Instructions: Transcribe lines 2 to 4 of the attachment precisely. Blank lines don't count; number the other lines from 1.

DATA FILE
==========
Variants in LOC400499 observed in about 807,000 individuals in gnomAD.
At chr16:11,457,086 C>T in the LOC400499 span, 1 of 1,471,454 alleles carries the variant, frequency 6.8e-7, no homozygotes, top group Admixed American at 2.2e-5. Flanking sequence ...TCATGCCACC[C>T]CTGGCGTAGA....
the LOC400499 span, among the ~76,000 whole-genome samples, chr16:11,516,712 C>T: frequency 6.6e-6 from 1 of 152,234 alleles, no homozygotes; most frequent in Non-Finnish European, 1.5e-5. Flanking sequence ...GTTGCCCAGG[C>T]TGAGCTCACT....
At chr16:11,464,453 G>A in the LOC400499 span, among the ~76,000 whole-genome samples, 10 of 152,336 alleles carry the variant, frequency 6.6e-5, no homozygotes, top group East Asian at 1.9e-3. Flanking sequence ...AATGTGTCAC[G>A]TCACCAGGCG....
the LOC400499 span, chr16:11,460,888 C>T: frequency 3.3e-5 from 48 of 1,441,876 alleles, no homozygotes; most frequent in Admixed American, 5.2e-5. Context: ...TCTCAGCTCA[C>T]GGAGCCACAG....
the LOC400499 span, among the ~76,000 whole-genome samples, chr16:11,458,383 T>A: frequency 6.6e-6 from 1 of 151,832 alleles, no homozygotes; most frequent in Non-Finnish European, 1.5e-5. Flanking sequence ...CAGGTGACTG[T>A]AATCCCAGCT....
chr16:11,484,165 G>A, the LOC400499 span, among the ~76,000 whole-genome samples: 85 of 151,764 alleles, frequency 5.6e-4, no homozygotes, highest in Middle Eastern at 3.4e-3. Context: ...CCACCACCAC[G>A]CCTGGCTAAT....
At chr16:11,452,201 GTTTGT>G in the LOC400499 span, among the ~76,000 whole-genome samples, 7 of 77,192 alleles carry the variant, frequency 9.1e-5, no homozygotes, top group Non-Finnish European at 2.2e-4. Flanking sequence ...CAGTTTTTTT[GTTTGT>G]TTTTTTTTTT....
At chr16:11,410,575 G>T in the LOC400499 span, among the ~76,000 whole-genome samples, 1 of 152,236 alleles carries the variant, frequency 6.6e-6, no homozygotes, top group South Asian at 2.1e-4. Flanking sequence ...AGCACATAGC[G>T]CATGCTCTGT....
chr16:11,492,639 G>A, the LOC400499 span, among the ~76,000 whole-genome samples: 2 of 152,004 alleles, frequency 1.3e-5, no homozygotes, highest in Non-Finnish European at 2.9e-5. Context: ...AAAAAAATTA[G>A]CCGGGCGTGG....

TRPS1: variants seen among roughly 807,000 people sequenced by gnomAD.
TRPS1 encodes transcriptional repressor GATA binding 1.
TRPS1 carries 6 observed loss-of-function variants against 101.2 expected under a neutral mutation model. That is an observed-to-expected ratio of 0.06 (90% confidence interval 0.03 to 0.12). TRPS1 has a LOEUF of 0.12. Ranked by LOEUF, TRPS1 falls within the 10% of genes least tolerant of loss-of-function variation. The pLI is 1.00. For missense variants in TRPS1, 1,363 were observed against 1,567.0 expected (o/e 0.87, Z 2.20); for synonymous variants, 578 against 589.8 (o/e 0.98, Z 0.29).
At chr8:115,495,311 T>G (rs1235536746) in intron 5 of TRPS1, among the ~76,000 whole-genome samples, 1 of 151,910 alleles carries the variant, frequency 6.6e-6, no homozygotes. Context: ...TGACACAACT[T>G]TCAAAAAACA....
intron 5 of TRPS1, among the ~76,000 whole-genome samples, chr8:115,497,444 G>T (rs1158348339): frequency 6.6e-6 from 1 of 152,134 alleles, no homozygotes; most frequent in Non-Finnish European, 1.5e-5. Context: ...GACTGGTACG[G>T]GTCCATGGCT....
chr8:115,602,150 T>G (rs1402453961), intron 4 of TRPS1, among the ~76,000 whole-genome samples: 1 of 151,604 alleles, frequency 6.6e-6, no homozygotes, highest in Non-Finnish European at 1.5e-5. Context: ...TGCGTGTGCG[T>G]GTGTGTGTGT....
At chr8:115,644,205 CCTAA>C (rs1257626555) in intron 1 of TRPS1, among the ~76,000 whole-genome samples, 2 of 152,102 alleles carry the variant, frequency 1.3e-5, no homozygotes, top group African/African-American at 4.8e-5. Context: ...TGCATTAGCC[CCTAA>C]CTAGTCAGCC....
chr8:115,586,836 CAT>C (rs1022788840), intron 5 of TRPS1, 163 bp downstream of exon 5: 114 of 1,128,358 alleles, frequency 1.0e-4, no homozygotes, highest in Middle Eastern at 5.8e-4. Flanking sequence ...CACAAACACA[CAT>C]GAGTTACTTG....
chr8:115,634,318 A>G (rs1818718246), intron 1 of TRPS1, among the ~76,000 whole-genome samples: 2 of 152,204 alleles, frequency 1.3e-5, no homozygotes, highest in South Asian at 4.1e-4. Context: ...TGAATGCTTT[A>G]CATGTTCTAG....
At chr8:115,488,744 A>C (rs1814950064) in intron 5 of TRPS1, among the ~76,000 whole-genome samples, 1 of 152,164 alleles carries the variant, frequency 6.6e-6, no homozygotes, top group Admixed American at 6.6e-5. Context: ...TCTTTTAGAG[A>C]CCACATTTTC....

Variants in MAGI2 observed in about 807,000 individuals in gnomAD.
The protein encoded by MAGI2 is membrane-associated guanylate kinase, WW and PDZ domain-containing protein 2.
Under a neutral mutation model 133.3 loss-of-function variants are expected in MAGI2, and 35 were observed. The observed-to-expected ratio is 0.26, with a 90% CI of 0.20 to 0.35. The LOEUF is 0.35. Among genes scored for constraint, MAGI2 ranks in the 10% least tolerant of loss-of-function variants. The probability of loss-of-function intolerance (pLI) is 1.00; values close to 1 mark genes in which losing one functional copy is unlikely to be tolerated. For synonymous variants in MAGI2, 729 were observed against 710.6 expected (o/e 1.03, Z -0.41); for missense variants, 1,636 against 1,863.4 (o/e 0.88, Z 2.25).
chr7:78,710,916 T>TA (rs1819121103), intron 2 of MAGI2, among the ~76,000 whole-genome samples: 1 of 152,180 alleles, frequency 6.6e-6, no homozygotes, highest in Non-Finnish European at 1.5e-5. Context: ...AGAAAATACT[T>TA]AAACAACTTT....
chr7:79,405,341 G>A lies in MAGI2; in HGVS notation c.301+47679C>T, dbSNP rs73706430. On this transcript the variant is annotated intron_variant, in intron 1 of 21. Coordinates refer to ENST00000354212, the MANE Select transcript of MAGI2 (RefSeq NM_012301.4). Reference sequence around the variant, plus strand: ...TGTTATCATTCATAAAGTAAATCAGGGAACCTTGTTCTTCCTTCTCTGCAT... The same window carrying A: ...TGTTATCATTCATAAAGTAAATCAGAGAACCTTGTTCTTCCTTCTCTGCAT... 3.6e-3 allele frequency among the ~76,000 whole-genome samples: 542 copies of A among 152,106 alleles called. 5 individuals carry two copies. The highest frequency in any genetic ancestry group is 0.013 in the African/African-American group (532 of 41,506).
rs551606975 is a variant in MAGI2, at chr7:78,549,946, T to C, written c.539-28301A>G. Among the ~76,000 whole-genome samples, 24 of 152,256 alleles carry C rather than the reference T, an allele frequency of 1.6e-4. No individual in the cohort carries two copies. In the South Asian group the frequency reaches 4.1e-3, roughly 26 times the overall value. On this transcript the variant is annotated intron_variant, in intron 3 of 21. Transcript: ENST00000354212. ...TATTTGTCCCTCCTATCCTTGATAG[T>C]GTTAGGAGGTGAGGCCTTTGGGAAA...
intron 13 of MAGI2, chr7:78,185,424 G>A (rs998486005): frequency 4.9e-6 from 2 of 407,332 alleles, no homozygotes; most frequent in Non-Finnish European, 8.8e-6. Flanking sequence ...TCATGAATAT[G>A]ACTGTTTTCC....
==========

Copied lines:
At chr16:11,457,086 C>T in the LOC400499 span, 1 of 1,471,454 alleles carries the variant, frequency 6.8e-7, no homozygotes, top group Admixed American at 2.2e-5. Flanking sequence ...TCATGCCACC[C>T]CTGGCGTAGA....
the LOC400499 span, among the ~76,000 whole-genome samples, chr16:11,516,712 C>T: frequency 6.6e-6 from 1 of 152,234 alleles, no homozygotes; most frequent in Non-Finnish European, 1.5e-5. Flanking sequence ...GTTGCCCAGG[C>T]TGAGCTCACT....
At chr16:11,464,453 G>A in the LOC400499 span, among the ~76,000 whole-genome samples, 10 of 152,336 alleles carry the variant, frequency 6.6e-5, no homozygotes, top group East Asian at 1.9e-3. Flanking sequence ...AATGTGTCAC[G>A]TCACCAGGCG....